By now, most of us are aware that changing our
eating habits is one of the best ways to reduce our personal impact on
the environment. We know that it’s good to eat organic and local, and
cut out meat when we can.
Unsurprising, however, is the fact that beef is a huge contributor to deforestation because of how much land must be
converted for cattle feeding. The worst news is that the cattle
industry is growing rapidly in Brazil, which means the Amazon is losing
acres faster than ever. For more info on how the cattle industry is
driving this process, and how you can avoid contributing, check out our
post on Amazon
Another fairly obvious food contributor is rice,
because land has to be stripped and irrigated to form rice paddies. A
dangerous side effect are the millions of tons of methane, a greenhouse
gas, produced from
the rice paddies that cover much of rural Asia and Africa.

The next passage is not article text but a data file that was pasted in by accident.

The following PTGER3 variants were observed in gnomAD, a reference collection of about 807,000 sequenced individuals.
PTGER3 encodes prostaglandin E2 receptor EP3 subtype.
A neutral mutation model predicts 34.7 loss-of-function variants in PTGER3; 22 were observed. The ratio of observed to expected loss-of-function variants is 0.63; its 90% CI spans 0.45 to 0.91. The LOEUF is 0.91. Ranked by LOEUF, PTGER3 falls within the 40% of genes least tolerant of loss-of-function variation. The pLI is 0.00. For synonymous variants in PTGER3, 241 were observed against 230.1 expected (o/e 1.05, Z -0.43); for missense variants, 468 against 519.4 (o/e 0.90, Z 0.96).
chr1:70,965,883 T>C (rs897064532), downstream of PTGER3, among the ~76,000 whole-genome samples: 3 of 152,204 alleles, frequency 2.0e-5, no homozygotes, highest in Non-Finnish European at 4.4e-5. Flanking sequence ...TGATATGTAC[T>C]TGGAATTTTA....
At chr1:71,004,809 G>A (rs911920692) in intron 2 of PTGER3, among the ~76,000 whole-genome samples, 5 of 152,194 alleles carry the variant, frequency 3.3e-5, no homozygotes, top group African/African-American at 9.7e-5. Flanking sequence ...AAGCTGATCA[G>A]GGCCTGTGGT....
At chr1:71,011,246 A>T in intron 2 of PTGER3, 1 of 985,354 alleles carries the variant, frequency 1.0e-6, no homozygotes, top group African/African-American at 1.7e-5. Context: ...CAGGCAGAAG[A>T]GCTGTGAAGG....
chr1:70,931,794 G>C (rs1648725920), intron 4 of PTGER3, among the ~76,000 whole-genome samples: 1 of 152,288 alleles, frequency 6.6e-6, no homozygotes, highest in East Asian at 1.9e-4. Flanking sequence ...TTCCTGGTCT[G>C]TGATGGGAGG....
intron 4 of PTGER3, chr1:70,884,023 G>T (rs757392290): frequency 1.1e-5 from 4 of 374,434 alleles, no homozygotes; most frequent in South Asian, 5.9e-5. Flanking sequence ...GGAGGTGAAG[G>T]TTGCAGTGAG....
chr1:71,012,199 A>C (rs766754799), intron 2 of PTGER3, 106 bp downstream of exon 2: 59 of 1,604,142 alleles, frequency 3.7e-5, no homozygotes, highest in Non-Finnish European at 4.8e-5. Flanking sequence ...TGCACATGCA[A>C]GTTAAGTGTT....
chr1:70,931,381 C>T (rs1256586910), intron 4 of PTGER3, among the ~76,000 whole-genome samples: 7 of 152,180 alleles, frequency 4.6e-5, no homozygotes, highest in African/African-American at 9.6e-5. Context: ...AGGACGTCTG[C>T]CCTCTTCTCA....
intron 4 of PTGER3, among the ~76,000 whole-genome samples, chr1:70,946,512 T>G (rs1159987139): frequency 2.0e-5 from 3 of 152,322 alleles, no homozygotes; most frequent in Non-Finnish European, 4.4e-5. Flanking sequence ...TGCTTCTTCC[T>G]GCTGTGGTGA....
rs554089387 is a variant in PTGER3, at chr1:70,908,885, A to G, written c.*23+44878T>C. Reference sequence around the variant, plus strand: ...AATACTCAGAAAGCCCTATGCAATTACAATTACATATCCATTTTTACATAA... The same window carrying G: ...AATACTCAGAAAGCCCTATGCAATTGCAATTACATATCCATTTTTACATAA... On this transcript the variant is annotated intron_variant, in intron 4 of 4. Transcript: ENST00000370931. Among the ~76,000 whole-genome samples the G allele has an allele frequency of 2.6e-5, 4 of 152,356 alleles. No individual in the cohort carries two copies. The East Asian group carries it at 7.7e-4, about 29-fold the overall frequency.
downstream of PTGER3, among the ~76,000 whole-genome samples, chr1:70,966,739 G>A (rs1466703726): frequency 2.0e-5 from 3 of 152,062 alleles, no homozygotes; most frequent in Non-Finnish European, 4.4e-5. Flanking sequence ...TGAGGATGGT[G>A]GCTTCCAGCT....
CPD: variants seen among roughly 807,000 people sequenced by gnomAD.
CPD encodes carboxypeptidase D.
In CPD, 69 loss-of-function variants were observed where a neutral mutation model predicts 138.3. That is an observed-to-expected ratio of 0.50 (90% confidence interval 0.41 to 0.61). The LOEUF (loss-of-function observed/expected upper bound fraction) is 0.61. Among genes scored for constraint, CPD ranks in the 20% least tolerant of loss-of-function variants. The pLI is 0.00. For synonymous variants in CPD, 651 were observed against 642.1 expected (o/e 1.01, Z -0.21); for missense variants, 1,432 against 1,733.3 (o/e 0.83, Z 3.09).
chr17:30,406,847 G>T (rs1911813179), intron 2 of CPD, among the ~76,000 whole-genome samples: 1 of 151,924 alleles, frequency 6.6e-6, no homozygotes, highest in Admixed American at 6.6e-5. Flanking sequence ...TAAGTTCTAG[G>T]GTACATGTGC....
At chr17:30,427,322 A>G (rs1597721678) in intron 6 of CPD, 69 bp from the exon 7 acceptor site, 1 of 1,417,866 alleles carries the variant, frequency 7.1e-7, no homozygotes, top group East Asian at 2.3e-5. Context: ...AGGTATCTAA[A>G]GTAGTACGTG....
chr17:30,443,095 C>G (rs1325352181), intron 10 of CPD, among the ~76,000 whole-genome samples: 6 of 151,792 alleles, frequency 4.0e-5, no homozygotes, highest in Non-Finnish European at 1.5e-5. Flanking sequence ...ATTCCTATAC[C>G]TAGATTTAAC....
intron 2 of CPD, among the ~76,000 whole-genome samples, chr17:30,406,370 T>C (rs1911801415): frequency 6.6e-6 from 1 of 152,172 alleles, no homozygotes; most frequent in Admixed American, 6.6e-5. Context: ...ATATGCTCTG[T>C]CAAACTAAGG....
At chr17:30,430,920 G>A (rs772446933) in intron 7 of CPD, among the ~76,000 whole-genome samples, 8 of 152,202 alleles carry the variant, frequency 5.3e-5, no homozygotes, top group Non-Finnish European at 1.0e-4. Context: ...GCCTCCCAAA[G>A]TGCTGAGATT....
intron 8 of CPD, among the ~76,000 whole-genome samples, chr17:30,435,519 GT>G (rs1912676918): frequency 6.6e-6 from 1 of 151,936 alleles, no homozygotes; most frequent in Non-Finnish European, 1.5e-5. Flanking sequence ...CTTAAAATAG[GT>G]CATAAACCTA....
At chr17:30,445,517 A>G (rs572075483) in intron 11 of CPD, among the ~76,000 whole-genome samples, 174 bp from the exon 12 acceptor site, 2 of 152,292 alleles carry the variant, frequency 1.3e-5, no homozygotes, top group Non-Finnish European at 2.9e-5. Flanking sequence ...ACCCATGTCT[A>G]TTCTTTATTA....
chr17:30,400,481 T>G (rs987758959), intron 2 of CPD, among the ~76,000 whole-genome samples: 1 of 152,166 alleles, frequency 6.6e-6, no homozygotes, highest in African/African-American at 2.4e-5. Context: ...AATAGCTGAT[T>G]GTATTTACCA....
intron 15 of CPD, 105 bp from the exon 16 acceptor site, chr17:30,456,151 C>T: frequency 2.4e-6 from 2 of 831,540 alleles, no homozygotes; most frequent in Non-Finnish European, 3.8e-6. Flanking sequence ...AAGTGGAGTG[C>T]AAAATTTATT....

One of the most infamous drivers of deforestation
is particularly sinister because sometimes it can be impossible to tell
whether or not you are consuming it. Palm oil, the world’s
cheapest plant oil, is used in the majority of the world’s food and
hygiene products. According to the Rainforest Action
Network’s campaign against the massive deforestation that growing
palm oil causes, it is best to avoid consuming palm oil.
More information on the problem with palm oil:
Some of the more unexpected foods that are
contributing to deforestation are soy, shrimp and sugarcane. The demand for soy has spiked
in recent years because it is used as feed for chickens, cows, and pigs
in Europe. Vegetarians around the world also consume a lot of soy
Another one of the article’s saddening
revelations is that the increase in corn production, which has increased rates of deforestation both in the U.S.
and the Amazon, is related to the growing use of biofuels as a
replacement for fossil fuels. Does the deforestation that growing corn
causes outweigh the benefits of using alternative energy? This tension
adds another dimension to the ethics of energy production.